A recent study (SD Sander et al. Gastroenterol 2019; 156: 2217-29) found an association between antibiotics in the first year of life and celiac disease.
The authors “collected medical information on 1.7 million children, including 3346 with a diagnosis of celiac disease” using nationwide register-based cohorts from Norway and Denmark.
- “Exposure to systematic antibiotics in the first year of life was positively associated with diagnosed celiac disease,” pooled odds ratio 1.26. Furthermore, there was a dose-dependent relationship with increasing number of exposures increasing the risk of celiac disease.
My take: The increase in prevalence of celiac disease over that past few decades is likely related to changes in our environment. These changes affect nearly everyone, but some are more susceptible to immune-related disease that may be triggered by these environmental changes. This study shows that early exposure to antibiotics is likely to be one of the environmental factors that increase the risk of celiac disease.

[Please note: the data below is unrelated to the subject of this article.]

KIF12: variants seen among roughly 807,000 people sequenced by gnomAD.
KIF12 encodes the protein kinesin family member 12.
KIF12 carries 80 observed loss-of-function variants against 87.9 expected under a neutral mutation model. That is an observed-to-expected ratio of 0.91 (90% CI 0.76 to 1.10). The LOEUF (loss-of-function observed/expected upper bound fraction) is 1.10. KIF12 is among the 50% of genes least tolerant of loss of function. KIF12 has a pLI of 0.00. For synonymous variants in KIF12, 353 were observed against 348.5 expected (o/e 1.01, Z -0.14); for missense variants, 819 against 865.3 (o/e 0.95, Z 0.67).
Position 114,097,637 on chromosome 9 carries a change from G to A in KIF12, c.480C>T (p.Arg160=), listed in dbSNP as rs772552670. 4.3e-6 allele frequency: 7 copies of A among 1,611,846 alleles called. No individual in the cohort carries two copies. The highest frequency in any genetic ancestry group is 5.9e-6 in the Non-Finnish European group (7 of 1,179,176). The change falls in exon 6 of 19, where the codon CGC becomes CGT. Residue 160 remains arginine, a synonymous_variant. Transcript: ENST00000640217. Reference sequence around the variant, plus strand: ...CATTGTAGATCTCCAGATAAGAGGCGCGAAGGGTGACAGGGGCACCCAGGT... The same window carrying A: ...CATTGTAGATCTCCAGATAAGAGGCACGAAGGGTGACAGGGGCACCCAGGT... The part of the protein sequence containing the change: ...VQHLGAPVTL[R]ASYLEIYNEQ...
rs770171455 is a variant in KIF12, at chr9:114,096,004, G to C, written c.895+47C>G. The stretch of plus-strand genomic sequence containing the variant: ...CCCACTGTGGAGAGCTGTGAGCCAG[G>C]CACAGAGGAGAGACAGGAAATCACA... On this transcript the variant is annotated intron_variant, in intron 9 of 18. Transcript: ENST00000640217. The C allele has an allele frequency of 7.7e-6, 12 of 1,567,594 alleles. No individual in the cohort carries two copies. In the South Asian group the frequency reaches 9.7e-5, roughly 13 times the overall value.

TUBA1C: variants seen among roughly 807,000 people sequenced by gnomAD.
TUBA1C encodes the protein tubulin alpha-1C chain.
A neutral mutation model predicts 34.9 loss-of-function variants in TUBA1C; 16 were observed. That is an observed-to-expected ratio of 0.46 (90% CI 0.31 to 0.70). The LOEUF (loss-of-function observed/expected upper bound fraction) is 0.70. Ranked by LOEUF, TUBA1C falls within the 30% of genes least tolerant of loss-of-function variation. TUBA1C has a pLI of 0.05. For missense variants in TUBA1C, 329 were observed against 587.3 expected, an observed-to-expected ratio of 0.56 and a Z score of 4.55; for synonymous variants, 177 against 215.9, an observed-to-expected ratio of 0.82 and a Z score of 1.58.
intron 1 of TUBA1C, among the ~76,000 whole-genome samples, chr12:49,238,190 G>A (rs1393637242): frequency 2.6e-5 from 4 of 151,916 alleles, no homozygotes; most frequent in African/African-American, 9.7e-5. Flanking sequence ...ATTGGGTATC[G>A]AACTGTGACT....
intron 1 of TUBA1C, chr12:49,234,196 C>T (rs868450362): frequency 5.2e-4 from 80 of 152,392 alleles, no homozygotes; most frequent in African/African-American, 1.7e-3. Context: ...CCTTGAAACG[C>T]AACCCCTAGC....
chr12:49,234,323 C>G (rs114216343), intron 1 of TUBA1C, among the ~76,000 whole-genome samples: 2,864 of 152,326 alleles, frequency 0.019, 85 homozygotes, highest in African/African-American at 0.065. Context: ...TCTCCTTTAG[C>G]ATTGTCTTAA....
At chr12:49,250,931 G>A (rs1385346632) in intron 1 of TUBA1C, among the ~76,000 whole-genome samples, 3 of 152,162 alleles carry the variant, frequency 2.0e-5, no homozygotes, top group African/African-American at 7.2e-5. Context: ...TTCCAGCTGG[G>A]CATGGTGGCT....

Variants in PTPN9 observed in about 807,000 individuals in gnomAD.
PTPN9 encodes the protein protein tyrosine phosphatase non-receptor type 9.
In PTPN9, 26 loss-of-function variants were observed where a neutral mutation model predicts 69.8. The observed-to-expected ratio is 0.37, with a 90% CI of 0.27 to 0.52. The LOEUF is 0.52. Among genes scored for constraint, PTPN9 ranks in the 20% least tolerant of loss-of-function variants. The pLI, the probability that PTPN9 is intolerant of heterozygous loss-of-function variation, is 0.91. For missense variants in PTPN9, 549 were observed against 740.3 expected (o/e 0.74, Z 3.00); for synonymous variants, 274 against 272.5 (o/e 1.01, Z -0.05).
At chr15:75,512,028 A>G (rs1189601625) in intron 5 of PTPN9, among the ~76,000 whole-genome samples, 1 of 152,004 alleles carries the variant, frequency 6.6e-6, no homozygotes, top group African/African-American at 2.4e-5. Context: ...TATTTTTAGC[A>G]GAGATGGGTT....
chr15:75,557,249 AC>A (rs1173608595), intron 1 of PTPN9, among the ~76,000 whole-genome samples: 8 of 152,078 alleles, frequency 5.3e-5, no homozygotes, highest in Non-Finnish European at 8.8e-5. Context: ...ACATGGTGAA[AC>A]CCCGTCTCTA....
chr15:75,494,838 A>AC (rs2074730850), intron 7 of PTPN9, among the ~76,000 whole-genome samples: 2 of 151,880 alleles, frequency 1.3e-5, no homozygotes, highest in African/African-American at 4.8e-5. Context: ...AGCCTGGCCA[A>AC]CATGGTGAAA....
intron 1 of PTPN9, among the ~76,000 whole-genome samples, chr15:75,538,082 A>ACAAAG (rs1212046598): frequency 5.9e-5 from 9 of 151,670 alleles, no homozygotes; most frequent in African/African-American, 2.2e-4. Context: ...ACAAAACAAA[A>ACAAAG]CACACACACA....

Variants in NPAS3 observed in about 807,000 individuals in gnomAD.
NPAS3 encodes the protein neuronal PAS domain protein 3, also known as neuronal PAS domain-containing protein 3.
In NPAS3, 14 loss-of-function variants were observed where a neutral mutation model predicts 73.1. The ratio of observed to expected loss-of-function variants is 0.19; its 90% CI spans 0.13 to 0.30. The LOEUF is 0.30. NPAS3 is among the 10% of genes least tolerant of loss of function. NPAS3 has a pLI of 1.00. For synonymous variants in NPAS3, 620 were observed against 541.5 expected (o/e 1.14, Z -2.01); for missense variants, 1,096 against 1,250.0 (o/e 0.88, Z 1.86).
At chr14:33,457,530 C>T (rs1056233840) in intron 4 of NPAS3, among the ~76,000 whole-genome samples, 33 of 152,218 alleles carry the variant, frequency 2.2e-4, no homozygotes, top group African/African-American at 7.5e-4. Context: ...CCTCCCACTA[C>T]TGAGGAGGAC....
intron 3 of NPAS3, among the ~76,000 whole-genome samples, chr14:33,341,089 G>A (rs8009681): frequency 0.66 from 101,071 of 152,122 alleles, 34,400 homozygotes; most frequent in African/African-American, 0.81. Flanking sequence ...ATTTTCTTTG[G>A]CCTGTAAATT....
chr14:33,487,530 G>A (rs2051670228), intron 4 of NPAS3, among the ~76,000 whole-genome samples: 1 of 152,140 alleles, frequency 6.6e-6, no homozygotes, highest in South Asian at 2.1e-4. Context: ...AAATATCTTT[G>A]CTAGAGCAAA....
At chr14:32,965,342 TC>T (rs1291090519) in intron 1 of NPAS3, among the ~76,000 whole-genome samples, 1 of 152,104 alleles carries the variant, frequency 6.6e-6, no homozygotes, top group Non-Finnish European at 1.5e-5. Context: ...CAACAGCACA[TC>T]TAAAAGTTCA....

Related blog posts:
- Northern Latitudes -Higher Celiac Disease Prevalence
- Dietary Patterns in First Year of Life May Increase Celiac Autoimmunity
- Global Prevalence of Celiac Disease ~1.4%
- Celiac Disease Epidemic (High rate of celiac disease reported in Denver children)
- Vaccine for Celiac Disease
- Celiac Disease Risk –TEDDY study
- Celiac Disease and Mode of Delivery -Perhaps Not Very Consequential
- Celiac disease and diabetes
- How Birth Can Affect Your GI Tract | gutsandgrowth
- How to Protect Children From Celiac Disease
- Why are we seeing so many more cases | gutsandgrowth
- Why is Celiac Disease Becoming More Prevalent?